Remember This: Original Crestview Hills Mall had plenty of ambition, but not enough stores, shoppers

A young George Clooney selling shoes wasn't enough

CRESTVIEW HILLS, Ky. -- If you build it, he will come. 

Contrary to the popular movie quote, that wasn’t quite the case with the original Crestview Hills Mall. 

As Cincinnati’s circle freeway, Interstate 275, neared completion in Northern Kentucky in the late 1970s, communities along the route began making plans for retail, homes and businesses. The tiny city of Crestview Hills naturally wanted to capitalize on this expressway that would divide it in half, so plans came together to build the Crestview Hills Mall. The 475,000-square-foot indoor mall would have capacity for about 90 retailers, anchored by McAlpin’s department store at one end and a yet-to-be-named department store at the other. 

By the early 1980s, it was a reality. The giant two-story McAlpin’s, featuring the Kopper Kettle Restaurant, and the adjacent mall with a handful of stores opened up to compete with nearby, and still new, Florence Mall.

McAlpin’s, which had Cincinnati roots, opened its first store in 1880 on Fourth Street, Downtown. The Crestview Hills Mall store was the retailer’s first venture into Northern Kentucky. Shoppers remember the infamous Moonlight Madness sales, when the store was open late and parking spots were hard to find. Although the store would have deals all day long, during hourly specials shoppers would run through the store, grabbing frantically at the bargains.

Another lesser-known attraction in those early years was the handsome sales guy in McAlpin’s women’s shoe department. Back then he was popular for being WKRC-TV news anchor Nick Clooney’s son. Before moving to Hollywood, young George Clooney was fitting ladies with their Etienne Aigner pumps or Sperry Topsider boat shoes.

The McAlpin’s store was on the north end of the mall, closer to I-275, with space for the second anchor to be built at the opposite end. Through the years, rumors swirled about what store would fill the space; many thought it would be Elder-Beerman, but that second anchor store never materialized. Meanwhile, most of the 90 or so storefronts remained empty.

Through the 1980s and 1990, smaller stores came and went. Shoppers might remember Orange Julius, Walden Books, Hit or Miss Clothing, Foxmoor Clothing, Lerner New York, Hair Performers, Coach House Gifts, a video rental store and a few chain jewelry stores. In later years, Dillard’s, which had purchased McAlpin’s, had an upscale furniture store in a large area of the first floor, and a vocational college filled up about a quarter of the second floor. 

But what the mall attracted most was people who wanted to exercise indoors. 

“I called it the Walking Mall,” said Paul Meier, current mayor of Crestview Hills. “They just could never get that second anchor store, and so the only thing to do there was walk.”

Sweet Tooth Candies, which sold handmade chocolates like dark opera creams and milk chocolate turtles, along with homemade ice cream and ice balls, was near the center of the mall for about 20 years.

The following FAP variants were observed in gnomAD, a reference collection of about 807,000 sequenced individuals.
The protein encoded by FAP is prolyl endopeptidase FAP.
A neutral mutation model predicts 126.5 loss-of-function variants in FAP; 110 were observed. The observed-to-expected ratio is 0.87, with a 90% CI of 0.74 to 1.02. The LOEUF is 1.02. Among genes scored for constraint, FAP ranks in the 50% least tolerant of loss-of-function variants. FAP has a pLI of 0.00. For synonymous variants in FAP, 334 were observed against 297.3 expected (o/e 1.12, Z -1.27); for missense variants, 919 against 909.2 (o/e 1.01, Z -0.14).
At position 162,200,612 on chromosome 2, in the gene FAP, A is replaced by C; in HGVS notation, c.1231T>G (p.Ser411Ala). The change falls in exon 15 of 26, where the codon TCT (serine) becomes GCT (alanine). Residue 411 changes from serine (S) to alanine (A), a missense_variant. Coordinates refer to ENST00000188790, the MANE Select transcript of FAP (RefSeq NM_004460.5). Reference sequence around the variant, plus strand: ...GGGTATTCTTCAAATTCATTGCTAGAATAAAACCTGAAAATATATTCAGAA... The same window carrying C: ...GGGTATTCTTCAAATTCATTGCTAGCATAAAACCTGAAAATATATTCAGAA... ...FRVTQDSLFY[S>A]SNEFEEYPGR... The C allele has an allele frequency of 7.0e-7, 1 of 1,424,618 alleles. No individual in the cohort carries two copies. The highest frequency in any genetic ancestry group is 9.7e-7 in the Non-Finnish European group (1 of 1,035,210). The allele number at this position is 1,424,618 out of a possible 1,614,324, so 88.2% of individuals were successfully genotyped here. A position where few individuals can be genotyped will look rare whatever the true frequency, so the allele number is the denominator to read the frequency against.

“The walkers are who kept us in business,” said Bob Schneider, store owner. “They would walk like crazy and then come in and get a banana split. We loved them.”

The 475,000-square-foot Crestview Hills Mall had space for 90 retailers, but it was never filled to capacity and failed to thrive as a shopping destination. (Photo courtesy of Kenton County Public Library)

Schneider, who still has a Sweet Tooth Candies on 11th Street in Newport, said his Crestview location could have been busier if there were more stores in the mall, but he was always satisfied with the amount of customers. 

“We were sad to leave; we loved it there,” he said. “We didn’t leave because of business but because they were going to tear the building down.” 

Meier, who has been mayor for about 20 years, was on City Council in the ‘80s and ‘90s. He was not in office when the mall opened but watched it tread water through the years. 

He remembers in the early 2000s a restaurant expressed interest in an out-lot. The zoning at the time had a set-back requirement, so that buildings would not be built close to Dixie Highway. 

“So we worked to get that zone change,” he said. “There was concern by residents with the change, but our objective was always to redevelop the space.”

The zoning was changed, the mall came under new ownership, and in 2003 Crestview Hills City Council approved a preliminary site plan for a new lifestyle center, with about 65 stores and restaurants and a new Dillard’s store. The new Dillard’s, which opened in early 2005, was built in the footprint of the original mall’s second anchor location. 

The second version of a shopping destination in Crestview Hills seems to be just what the retailers and customers were looking for. Unlike the first version, the outdoor complex has very few available storefronts and plenty of large and small stores and a wide array of restaurants. 

“The city is very happy with the Crestview Hills Town Center,” said Meier. “It all worked out.”   

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